You'll see two colors commonly mentioned in discussions of open access: green and gold.
Green open access consists of peer-reviewed articiles deposited in freely accesible digital repositories, whether subject or institutional. Examples of green open access include the IR@UF and arXiv.
Gold open access consists of journals that make all peer-reviewed articles freely available for online reading at or after publication, with no fee or registration required. Examples of gold open access include PLoS ONE and BMC Medicine.
Have you received an email soliciting manuscripts or offering an editorial board position from a publisher you have never heard of before? The journal may have a great sounding name and you may recognize some prominent names already listed on the editorial board.
Unfortunately, it may be from an unscrupulous publisher whose main goal is to publish as many papers as possible while exacting high publication charges (article processing fees) while providing minimal if any peer review and exposure. Some of the people on the editorial board may not even know they have been listed or may be trying unsuccessfully to have their name removed. The fact that manuscripts require publication fees may be buried in the fine print or communicated only after acceptance of the manuscript. There have even been reports of flawed manuscripts being published despite the author’s objections.
Unfortunately, a few disreputable OA publishers reinforce the persistent myth that all open access (OA) journals are low quality and have no peer review. In fact, rigorously peer reviewed OA journals with respectable journal impact factors now exist in many disciplines. If you have any questions about a publisher solicitation, feel free to contact your library subject specialist or the Scholarly Communications Librarian.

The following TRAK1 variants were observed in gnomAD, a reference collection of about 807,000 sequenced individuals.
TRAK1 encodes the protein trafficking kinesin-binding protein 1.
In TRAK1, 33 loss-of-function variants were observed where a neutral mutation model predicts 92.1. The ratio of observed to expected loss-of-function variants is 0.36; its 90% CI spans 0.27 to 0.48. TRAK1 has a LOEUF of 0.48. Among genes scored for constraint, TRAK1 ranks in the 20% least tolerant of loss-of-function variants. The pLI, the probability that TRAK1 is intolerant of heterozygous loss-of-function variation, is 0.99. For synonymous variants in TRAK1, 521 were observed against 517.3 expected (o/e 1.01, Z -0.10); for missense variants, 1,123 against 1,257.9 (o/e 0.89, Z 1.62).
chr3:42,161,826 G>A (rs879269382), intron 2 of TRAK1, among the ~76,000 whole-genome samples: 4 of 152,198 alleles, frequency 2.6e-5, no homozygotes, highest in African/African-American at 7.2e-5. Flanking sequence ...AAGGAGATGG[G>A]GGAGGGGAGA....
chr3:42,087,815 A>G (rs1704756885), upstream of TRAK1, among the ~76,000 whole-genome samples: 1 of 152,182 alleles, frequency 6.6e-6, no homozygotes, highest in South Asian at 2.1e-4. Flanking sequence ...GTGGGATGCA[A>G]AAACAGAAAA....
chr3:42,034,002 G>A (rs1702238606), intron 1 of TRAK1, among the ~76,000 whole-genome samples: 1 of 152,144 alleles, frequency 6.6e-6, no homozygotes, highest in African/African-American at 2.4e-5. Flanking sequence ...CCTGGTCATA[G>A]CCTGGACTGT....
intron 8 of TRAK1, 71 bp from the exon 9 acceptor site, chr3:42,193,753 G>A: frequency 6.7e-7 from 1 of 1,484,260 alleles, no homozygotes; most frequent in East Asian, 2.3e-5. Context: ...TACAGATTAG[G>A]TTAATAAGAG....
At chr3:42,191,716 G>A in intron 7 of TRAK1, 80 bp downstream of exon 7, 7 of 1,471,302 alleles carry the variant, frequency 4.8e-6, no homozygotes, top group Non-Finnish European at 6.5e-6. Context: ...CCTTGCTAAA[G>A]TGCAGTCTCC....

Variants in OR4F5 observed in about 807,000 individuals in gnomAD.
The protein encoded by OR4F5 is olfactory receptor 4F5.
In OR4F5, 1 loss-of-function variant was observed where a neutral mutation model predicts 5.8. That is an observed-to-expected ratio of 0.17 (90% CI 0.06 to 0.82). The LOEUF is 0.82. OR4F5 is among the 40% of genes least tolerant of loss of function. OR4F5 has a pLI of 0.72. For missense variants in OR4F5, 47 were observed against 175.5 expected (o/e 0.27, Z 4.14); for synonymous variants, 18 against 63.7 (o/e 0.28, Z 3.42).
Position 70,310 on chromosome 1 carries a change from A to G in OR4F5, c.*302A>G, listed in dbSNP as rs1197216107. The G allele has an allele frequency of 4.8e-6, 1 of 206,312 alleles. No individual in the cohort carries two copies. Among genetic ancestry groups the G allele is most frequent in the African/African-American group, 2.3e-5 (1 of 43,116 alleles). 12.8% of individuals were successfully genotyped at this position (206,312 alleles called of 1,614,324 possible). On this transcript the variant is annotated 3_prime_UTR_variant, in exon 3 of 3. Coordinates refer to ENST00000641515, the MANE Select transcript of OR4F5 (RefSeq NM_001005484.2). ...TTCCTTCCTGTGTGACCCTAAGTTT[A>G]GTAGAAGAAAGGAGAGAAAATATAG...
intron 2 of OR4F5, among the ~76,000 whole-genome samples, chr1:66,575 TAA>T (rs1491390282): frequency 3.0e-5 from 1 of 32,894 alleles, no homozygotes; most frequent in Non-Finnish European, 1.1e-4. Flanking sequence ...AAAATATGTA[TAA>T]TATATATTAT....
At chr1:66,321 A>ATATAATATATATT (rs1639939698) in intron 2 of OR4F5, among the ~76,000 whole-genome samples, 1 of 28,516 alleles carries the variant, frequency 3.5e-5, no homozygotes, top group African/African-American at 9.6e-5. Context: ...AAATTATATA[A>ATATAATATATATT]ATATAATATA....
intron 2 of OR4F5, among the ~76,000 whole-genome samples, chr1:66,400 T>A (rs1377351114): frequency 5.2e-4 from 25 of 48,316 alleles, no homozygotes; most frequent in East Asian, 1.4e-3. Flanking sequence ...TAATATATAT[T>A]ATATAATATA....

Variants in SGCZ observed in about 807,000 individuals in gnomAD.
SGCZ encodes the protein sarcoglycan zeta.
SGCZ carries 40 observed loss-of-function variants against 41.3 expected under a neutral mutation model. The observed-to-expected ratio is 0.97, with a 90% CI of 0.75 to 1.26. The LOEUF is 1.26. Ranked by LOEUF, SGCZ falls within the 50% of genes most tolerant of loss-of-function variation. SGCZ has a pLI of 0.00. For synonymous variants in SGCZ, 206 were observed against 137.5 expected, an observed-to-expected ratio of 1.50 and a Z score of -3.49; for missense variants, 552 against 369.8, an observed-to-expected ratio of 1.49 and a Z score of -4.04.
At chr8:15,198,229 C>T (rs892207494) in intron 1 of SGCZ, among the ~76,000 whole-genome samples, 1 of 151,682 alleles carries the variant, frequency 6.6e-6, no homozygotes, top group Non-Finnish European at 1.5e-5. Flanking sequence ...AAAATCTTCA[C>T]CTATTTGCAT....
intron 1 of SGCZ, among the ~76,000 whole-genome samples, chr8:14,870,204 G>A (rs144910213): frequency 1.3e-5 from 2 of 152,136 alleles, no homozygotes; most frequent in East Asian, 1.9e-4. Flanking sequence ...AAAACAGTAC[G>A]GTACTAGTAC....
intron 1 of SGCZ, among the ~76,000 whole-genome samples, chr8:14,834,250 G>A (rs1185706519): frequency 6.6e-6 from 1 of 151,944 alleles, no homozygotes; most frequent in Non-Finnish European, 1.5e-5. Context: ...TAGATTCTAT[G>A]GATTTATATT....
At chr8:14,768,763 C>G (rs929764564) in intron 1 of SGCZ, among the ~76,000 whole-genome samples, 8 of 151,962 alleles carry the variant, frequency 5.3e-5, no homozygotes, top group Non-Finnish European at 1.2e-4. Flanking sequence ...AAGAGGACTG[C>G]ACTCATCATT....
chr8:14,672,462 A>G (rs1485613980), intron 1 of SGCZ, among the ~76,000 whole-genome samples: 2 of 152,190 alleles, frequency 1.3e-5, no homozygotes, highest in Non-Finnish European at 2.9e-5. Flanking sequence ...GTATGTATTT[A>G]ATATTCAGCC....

Additional Readings on Journal Quality:
The Scholarly Publishing and Academic Resources Coalition (SPARC) provides a free online Open Access Journal Publishing Resource Index with information and documents to support the launch and operation of an open-access journal. Included in this resource are links to example documents for key planning elements, such as new journal prospectuses, bylaws, and sample editorial policies. We also recommend the Guide to Developing OA Journals by David Solomon. PLoS has also produced a white paper on Publishing Open Access Journals.
As part of the commitment to increasing open access to research, the UF Libraries are using Open Journal Systems (OJS) within the statewide implementation of Florida Online Journals (Florida OJ) to provide online hosting for academic journals for UF faculty. The OJS system has a highly configurable system for editorial workflows with features including:
From "Price doesn't always buy prestige in open access" - Nature News, Jan. 22. 2013
The graph above utilizes a new tool, called Cost Effectiveness for Open Access Journals It incorporates pricing and prestige information for 657 open-access journals indexed by Thomson Reuters, including 356 that do not charge any fees.The data are plotted to show a journal's Article Influence (AI) score against the fee it charges per article. The AI score is calculated by dividing the Eigenfactor Score of the journal by the number of articles in the journal, normalized so that the average journal has an AI equal to 1. Eigenfactor Scores are like impact factors in that they are based on citations, but they also take into account the source of the citations.
You can locate open access journals published in your field by searching the Directory of Open Access Journals (DOAJ). The DOAJ classifies OA journals by subject category and can be searched at the article level. DOAJ also provides information on Creative Commons licensing policies and copyright.
There are many ways to make one's work open access when publishing an article:
Watch UF Graduate Student Corey Simon talk about his experiences publishing in an open access journal (Presented at UF Open Access Week 2011, Gainesville, Florida, October 26, 2011.)